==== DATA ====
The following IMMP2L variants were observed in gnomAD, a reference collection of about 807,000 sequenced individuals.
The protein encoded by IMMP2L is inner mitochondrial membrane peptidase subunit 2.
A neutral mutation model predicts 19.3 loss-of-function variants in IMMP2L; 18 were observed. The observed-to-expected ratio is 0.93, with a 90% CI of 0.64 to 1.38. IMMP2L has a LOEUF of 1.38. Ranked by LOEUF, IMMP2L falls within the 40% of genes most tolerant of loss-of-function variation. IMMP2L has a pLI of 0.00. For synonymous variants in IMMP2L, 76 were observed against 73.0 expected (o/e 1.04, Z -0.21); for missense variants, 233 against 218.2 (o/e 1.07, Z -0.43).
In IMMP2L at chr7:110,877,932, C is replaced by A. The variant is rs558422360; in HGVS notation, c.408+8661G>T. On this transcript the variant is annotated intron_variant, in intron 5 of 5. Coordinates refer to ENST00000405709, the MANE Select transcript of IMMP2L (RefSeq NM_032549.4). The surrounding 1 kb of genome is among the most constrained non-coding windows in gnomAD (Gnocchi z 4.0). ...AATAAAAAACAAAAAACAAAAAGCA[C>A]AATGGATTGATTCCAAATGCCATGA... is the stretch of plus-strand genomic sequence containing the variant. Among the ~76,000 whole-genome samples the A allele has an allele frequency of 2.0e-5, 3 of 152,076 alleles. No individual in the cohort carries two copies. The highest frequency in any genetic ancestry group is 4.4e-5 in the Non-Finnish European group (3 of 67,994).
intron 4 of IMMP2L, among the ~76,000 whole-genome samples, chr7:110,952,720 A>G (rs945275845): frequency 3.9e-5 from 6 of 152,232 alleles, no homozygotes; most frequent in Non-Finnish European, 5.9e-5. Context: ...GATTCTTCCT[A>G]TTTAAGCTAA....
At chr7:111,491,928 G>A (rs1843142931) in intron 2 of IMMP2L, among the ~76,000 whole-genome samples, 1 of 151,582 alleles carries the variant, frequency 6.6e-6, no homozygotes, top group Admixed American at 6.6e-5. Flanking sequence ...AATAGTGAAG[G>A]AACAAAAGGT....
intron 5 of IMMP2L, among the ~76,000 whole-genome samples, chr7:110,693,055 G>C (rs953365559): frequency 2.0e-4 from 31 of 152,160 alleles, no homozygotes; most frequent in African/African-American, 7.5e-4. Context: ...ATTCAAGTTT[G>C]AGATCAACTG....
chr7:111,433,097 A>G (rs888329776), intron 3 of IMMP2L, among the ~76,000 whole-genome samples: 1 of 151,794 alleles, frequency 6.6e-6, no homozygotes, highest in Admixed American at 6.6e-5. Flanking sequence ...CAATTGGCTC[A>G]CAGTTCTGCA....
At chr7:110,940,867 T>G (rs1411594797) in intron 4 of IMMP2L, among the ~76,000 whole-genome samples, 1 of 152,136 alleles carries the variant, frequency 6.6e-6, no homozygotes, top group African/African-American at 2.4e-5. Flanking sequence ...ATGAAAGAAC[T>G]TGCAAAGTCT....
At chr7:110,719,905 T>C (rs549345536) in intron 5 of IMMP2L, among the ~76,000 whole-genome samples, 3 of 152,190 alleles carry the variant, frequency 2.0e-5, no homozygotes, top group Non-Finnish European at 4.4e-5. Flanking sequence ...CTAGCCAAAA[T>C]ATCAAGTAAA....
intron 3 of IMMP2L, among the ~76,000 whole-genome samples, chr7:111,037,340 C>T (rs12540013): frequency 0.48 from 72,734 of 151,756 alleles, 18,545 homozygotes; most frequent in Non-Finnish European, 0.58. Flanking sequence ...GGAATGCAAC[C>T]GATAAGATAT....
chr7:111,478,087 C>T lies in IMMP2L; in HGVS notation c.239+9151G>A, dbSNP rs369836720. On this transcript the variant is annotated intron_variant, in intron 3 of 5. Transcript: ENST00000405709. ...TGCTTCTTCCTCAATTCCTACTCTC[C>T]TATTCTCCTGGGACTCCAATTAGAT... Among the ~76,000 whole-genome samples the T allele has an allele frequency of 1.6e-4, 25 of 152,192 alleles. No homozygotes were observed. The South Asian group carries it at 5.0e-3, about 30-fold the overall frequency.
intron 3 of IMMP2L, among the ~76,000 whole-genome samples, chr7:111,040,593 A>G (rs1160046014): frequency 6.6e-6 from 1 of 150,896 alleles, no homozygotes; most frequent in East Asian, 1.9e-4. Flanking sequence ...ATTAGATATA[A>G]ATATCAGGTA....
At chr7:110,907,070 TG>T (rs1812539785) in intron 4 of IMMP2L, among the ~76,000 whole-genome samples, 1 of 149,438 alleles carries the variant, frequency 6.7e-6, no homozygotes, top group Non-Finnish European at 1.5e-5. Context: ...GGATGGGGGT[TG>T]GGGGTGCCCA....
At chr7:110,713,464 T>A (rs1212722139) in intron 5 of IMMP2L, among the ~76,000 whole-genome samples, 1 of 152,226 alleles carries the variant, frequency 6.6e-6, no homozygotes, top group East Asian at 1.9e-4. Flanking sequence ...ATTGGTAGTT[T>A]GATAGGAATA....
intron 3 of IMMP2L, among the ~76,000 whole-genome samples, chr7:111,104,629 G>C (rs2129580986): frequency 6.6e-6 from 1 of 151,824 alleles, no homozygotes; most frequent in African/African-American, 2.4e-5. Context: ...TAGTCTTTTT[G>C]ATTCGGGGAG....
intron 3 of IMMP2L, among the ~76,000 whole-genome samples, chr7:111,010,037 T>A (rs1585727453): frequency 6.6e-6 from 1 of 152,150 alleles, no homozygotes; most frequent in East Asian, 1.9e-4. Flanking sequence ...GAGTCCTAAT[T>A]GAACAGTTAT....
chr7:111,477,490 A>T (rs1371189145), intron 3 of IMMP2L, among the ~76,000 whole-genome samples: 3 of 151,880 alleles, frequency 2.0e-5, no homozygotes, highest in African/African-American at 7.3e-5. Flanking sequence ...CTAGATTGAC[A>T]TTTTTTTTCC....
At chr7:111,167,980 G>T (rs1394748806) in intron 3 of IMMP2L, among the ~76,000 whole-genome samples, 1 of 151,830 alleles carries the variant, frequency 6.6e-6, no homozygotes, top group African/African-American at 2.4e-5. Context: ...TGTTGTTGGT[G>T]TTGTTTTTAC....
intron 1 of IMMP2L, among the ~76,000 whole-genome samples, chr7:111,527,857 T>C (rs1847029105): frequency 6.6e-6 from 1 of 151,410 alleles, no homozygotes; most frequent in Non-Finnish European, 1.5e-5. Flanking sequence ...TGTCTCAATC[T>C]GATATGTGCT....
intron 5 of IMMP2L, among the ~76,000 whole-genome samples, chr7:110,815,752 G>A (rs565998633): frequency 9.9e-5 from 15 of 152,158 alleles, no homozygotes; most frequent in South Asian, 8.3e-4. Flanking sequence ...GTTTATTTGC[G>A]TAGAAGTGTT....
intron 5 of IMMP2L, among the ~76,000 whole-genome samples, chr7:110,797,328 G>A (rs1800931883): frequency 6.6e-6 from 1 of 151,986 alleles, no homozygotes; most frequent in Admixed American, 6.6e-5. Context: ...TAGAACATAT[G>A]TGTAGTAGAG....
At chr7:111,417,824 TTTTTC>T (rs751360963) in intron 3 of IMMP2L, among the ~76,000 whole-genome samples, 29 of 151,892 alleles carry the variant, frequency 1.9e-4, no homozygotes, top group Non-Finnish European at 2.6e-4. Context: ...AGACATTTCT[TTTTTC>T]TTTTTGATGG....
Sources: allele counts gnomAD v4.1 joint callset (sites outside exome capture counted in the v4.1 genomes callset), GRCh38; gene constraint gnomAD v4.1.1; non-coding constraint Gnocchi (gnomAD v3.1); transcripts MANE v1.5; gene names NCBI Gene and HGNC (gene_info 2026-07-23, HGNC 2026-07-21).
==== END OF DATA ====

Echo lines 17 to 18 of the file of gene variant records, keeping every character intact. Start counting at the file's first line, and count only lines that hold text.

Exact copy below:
intron 3 of IMMP2L, among the ~76,000 whole-genome samples, chr7:111,010,037 T>A (rs1585727453): frequency 6.6e-6 from 1 of 152,150 alleles, no homozygotes; most frequent in East Asian, 1.9e-4. Flanking sequence ...GAGTCCTAAT[T>A]GAACAGTTAT....
chr7:111,477,490 A>T (rs1371189145), intron 3 of IMMP2L, among the ~76,000 whole-genome samples: 3 of 151,880 alleles, frequency 2.0e-5, no homozygotes, highest in African/African-American at 7.3e-5. Flanking sequence ...CTAGATTGAC[A>T]TTTTTTTTCC....